CPS open letter to Gov. Healey 

Let’s debate the MCAS ballot question with facts

People hold many opinions about the proposed ballot question that would end the requirement that students pass the Massachusetts Comprehensive Assessment System (MCAS) to get a high school diploma. But some things are not a matter of opinion, they are simple facts.

That’s why we were disappointed when Gov. Maura Healey, answering a question about the ballot question, responded that she’s against it because we need “to be able to assess how our young people are doing.”

It’s a simple fact that the ballot question would not eliminate MCAS. The language is clear.

Students would continue to take the federally mandated MCAS exams. But they would get their diplomas by meeting our state’s highly regarded  educational standards as certified by their school districts rather than by attaining a certain score on the test.

Right now, there is no consequence for a fourth grader who scores low on the MCAS. If the ballot question passes, the same will be true of the 10th grade MCAS. All the same information about student, school, district, and statewide results will still be reported. We would still be assessing “how our young people are doing.”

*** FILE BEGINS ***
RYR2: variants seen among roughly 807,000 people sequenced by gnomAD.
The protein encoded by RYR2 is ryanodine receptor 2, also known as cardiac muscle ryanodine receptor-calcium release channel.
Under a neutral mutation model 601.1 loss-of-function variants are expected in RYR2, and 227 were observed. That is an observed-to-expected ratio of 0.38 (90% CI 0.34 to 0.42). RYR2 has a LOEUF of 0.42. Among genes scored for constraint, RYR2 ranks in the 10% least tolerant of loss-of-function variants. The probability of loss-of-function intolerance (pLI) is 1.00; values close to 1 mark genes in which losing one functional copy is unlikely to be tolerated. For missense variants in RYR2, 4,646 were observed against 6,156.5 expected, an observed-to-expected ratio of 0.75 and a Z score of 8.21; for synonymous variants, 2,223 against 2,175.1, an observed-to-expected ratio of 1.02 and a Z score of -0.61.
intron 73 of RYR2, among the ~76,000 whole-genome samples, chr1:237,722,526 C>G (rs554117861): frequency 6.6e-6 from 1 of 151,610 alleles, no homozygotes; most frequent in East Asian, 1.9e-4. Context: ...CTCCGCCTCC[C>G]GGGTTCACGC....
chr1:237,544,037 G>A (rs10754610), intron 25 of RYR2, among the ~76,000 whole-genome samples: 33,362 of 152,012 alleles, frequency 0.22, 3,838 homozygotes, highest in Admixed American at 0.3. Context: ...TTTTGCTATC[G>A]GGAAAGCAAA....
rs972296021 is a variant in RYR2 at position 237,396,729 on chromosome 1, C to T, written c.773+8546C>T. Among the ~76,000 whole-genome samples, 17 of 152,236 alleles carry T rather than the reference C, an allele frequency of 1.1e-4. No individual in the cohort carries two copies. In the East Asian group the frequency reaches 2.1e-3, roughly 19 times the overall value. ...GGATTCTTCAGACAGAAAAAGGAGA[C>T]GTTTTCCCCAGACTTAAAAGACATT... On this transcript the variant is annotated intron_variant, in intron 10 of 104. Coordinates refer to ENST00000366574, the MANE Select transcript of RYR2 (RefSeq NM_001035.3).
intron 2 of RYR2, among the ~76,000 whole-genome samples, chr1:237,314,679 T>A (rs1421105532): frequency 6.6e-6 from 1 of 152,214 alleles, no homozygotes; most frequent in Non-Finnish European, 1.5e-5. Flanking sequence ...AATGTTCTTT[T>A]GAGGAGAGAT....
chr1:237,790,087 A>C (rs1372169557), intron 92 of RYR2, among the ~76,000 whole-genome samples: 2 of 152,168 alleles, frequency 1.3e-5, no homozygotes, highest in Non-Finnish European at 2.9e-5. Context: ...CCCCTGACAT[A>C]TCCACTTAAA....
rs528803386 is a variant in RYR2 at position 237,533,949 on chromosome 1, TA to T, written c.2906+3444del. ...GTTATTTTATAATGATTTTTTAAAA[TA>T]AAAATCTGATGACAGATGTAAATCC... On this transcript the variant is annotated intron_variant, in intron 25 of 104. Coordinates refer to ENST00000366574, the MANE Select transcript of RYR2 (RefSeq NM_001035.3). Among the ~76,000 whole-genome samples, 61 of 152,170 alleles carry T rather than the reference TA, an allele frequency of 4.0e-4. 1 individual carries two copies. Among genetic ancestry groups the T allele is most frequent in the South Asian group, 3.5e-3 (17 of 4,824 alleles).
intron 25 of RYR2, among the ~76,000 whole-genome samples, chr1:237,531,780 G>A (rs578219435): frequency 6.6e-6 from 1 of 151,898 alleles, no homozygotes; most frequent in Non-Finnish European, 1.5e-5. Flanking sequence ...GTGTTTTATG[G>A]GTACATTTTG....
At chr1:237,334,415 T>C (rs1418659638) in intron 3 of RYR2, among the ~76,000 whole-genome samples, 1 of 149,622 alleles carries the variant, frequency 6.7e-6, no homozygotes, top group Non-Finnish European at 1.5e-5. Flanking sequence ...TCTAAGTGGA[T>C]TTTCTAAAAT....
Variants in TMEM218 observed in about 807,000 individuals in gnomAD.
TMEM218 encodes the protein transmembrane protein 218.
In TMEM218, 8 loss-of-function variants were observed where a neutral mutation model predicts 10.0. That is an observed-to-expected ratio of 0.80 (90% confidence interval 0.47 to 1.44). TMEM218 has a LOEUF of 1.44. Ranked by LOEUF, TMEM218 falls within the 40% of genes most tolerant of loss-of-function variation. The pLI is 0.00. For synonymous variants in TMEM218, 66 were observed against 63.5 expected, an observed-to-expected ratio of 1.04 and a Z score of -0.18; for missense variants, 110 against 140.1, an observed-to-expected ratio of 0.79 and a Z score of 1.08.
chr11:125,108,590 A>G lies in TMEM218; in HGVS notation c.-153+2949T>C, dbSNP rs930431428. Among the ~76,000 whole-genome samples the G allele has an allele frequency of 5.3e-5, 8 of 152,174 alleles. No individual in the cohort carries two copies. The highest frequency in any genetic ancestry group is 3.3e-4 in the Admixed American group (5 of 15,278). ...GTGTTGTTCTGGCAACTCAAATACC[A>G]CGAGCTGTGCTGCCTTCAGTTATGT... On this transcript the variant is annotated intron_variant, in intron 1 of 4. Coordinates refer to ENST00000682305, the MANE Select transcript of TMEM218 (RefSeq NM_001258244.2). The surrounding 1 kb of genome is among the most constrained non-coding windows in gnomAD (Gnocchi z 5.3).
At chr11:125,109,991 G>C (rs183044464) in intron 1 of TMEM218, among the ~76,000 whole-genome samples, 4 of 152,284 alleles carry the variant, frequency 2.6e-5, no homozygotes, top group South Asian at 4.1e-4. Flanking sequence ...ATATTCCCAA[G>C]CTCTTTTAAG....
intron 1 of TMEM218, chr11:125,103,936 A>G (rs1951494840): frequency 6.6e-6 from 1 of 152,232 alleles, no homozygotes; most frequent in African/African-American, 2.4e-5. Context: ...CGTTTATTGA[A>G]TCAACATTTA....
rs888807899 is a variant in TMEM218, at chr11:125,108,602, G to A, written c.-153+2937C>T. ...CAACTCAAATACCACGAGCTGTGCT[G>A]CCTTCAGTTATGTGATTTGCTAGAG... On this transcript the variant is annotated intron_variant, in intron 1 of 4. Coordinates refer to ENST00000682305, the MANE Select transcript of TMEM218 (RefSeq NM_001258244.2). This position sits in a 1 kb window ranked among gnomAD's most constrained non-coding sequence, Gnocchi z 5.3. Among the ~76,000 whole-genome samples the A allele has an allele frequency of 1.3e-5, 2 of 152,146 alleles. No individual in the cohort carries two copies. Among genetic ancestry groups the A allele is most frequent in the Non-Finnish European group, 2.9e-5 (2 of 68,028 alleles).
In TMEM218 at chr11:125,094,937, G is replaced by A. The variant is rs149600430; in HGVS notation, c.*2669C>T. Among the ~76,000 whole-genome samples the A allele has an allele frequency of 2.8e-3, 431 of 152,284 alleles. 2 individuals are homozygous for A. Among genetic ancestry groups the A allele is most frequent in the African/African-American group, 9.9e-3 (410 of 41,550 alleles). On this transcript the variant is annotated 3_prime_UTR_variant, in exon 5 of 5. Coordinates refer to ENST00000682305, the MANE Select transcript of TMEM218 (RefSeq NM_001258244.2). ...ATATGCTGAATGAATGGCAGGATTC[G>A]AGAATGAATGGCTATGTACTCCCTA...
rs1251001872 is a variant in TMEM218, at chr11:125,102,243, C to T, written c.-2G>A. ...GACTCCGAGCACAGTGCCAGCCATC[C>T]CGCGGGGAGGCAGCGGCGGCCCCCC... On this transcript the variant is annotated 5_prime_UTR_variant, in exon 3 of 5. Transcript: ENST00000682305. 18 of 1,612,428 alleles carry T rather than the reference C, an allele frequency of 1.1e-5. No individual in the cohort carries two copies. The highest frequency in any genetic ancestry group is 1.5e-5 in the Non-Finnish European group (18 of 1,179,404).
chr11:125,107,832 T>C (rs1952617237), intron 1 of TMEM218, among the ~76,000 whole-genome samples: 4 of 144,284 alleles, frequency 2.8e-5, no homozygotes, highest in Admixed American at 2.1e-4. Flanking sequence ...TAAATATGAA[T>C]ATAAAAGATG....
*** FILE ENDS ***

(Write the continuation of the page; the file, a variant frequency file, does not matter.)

But high schools will face less pressure to focus their efforts on this one, narrow test. Teachers won’t have to drill their students on MCAS question formats or test-taking strategy for fear that they may not get diplomas. Schools won’t have to sacrifice teaching the wide range of skills and knowledge that students need, in order to make sure they pass.

Perhaps most importantly, Massachusetts can end a policy that has disproportionately harmed students with disabilities, English learners, African American, Latino, American Indian and low-income students.

We invite Gov. Healey to sit down with us so that we can answer any questions she has about the ballot question, what it does and does not include, and its potential impacts on public education in Massachusetts.

Let’s have a debate over the merits of a high school graduation test. But let’s keep it real.